Am I personally responsible for a bad check written by the other person on our joint checking account?
Yes. If the bank account is owned jointly, you are each personally liable for any bad checks written on the account regardless of who wrote them.
How do I know if I am a joint owner or a beneficiary of a bank account?
The ownership of an account and the designation of a pay on death beneficiary are set forth in the Contract of Deposit with the bank. All accounts are opened with a Contract of Deposit. If you are the owner of an account, you are entitled to obtain a copy of the Contract of Deposit from the bank.
How do I stop payment on a check I wrote?
In Washington, the law allows you to stop payment on a check for 14 days upon your verbal request to the bank and up to 6 months upon your written request. For a stop payment longer than 14 days banks usually charge a small fee.
Someone stole one of my checks, forged my signature, and my bank cashed it. Can the bank do that?
Technically, a forged check written on your account is an unauthorized check, and your bank has no authority to pay it. However, the law does require that you review your checks and bank statements within a reasonable period of time and notify the bank in the event you discover an unauthorized check that has been paid. Your failure to review your account could provide the bank with a defense to paying the check over a forged signature.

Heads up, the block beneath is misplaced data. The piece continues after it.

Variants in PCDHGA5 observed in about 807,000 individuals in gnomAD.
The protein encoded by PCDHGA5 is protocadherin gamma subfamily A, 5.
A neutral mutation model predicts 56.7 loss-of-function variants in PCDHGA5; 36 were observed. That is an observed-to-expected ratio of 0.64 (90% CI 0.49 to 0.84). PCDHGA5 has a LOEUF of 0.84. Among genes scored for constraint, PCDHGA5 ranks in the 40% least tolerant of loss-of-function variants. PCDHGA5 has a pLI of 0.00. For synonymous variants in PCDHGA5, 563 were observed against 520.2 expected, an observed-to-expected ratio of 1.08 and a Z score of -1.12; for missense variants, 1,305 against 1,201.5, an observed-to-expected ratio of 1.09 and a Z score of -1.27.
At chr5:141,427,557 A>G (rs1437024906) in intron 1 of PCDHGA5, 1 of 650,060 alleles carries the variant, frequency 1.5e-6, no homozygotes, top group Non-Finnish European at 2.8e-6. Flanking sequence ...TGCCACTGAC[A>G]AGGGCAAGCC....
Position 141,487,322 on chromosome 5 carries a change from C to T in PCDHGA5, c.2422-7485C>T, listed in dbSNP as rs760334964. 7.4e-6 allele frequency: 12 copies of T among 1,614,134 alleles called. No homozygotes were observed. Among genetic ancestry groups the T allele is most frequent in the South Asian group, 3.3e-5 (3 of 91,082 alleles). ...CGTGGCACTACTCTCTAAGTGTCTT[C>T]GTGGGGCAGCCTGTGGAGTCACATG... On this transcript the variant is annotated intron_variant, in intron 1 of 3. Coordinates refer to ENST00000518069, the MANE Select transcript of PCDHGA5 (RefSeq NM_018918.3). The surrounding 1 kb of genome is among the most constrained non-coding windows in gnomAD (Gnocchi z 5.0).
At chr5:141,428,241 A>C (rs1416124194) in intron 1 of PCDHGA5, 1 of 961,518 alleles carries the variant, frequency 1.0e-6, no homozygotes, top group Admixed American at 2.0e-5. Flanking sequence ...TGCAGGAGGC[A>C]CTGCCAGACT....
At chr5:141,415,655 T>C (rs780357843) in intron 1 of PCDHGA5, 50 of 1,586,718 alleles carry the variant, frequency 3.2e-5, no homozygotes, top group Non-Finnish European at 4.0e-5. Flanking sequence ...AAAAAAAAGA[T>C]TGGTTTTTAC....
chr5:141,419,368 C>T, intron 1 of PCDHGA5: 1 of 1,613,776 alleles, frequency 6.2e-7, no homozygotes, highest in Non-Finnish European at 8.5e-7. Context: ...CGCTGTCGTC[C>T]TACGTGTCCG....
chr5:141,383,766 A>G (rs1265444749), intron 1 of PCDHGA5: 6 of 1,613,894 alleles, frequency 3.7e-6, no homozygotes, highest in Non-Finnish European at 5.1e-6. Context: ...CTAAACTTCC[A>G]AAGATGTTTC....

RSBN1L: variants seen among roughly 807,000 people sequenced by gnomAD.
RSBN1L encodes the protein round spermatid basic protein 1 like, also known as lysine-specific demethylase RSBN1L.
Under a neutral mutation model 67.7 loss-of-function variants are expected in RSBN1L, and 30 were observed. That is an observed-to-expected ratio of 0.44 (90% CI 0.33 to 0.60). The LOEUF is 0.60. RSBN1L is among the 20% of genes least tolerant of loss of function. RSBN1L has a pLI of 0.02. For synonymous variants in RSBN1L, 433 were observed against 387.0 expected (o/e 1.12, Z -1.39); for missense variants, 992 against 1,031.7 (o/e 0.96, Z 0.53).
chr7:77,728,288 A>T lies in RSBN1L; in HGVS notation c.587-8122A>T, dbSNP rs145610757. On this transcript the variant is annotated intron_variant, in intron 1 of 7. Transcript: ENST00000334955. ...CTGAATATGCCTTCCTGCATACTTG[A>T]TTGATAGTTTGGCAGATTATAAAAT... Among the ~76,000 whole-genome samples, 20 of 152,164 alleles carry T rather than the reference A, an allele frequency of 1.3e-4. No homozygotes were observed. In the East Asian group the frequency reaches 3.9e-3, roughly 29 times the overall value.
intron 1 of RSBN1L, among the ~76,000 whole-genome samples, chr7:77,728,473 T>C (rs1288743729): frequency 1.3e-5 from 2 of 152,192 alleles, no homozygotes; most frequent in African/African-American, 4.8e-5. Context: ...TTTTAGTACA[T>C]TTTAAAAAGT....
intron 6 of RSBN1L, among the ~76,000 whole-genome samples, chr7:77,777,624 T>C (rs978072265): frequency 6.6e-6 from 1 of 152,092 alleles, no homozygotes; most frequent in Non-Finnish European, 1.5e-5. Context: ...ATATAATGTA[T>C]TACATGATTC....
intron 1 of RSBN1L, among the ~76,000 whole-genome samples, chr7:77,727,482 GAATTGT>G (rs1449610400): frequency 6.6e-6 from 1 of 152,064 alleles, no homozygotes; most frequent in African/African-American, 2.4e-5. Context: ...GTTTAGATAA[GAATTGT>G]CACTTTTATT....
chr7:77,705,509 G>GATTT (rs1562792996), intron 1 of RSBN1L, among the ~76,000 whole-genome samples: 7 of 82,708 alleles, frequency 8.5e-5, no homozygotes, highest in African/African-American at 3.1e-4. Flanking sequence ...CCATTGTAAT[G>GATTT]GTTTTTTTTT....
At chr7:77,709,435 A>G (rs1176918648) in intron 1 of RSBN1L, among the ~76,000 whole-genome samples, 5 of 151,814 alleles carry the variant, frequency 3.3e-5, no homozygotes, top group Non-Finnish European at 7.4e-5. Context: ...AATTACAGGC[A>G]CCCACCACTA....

I deposited a check into my checking account and received a receipt, but when I wrote checks on the account they were not paid by my bank due to insufficient funds. Can the bank do this?
It depends. Any time you deposit a check drawn upon another’s account into your account, the bank gives you a provisional credit on the account. The bank is placing a hold on the deposit. How long a bank delays crediting the entire amount depends on the amount of the check. In general, if the check you deposited is less than $5,000 you are entitled to at least a $200.00 credit the first business day following deposit. For checks over $5,000.00 the bank must credit your account on the second business day following deposit. If your account has been opened for less than 30 days the funds might not be available until the 9th business day. If your account has been overdrawn for two or more business days in excess of $5,000 in the previous 6 months, the bank can hold the credit for 7 business days. Insurance checks have different rules as do some government checks.
I received a notice that my bank account was being garnished because of a judgment entered against me. What does this mean, and what can I do about it?
A judgment properly entered against you may be collected by garnishment of your wages or your bank account. When your bank receives a Writ of Garnishment, it must freeze so much of your account that equals the amount asked for in the Writ. If the bank does not do this, it could be liable to pay your judgment debt. In Washington, some funds held in your bank account may be exempt from garnishment but it is up to you to prove that in court to have the Writ of Garnishment cancelled.
When my mother died, her bank transferred all of the funds in her account to my brother, even though my brother and I are to share equally under my mother’s Will. Can the bank do this?
In Washington, the bank may lawfully pay funds to the survivor of an account held jointly with rights of survivorship or to the individual named as a pay on death beneficiary in the contract of deposit. If your brother was designated as either in the Contract of Deposit, the bank is not liable to you for the funds. You might be able to contest this payment to your brother in probate proceedings.